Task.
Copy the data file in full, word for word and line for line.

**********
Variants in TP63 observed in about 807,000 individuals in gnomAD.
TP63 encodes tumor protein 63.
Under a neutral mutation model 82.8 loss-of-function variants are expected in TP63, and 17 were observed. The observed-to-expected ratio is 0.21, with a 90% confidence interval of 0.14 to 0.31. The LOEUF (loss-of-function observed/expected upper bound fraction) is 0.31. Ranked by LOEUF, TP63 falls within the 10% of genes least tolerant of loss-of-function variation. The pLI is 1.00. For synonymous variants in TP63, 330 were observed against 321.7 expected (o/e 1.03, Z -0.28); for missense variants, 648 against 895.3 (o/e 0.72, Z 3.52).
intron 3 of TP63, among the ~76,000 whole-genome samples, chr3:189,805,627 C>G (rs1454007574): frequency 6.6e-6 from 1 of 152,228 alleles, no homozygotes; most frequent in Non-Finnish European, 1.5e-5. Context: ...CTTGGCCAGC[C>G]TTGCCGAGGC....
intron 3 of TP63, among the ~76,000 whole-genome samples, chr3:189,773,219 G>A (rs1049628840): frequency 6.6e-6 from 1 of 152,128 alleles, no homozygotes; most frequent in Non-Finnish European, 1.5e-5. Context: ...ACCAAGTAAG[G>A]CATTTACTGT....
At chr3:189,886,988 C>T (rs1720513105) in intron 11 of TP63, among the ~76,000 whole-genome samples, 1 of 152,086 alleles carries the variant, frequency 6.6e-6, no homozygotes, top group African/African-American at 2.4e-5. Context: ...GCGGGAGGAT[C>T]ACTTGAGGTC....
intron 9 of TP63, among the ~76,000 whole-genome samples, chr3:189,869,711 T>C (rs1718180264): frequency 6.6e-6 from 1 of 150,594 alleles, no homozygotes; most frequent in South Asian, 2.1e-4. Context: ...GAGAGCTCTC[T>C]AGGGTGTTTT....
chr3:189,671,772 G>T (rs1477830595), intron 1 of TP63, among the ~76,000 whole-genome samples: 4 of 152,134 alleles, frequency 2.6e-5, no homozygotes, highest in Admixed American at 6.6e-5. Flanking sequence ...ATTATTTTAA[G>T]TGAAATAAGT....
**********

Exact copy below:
Variants in TP63 observed in about 807,000 individuals in gnomAD.
TP63 encodes tumor protein 63.
Under a neutral mutation model 82.8 loss-of-function variants are expected in TP63, and 17 were observed. The observed-to-expected ratio is 0.21, with a 90% confidence interval of 0.14 to 0.31. The LOEUF (loss-of-function observed/expected upper bound fraction) is 0.31. Ranked by LOEUF, TP63 falls within the 10% of genes least tolerant of loss-of-function variation. The pLI is 1.00. For synonymous variants in TP63, 330 were observed against 321.7 expected (o/e 1.03, Z -0.28); for missense variants, 648 against 895.3 (o/e 0.72, Z 3.52).
intron 3 of TP63, among the ~76,000 whole-genome samples, chr3:189,805,627 C>G (rs1454007574): frequency 6.6e-6 from 1 of 152,228 alleles, no homozygotes; most frequent in Non-Finnish European, 1.5e-5. Context: ...CTTGGCCAGC[C>G]TTGCCGAGGC....
intron 3 of TP63, among the ~76,000 whole-genome samples, chr3:189,773,219 G>A (rs1049628840): frequency 6.6e-6 from 1 of 152,128 alleles, no homozygotes; most frequent in Non-Finnish European, 1.5e-5. Context: ...ACCAAGTAAG[G>A]CATTTACTGT....
At chr3:189,886,988 C>T (rs1720513105) in intron 11 of TP63, among the ~76,000 whole-genome samples, 1 of 152,086 alleles carries the variant, frequency 6.6e-6, no homozygotes, top group African/African-American at 2.4e-5. Context: ...GCGGGAGGAT[C>T]ACTTGAGGTC....
intron 9 of TP63, among the ~76,000 whole-genome samples, chr3:189,869,711 T>C (rs1718180264): frequency 6.6e-6 from 1 of 150,594 alleles, no homozygotes; most frequent in South Asian, 2.1e-4. Context: ...GAGAGCTCTC[T>C]AGGGTGTTTT....
chr3:189,671,772 G>T (rs1477830595), intron 1 of TP63, among the ~76,000 whole-genome samples: 4 of 152,134 alleles, frequency 2.6e-5, no homozygotes, highest in Admixed American at 6.6e-5. Flanking sequence ...ATTATTTTAA[G>T]TGAAATAAGT....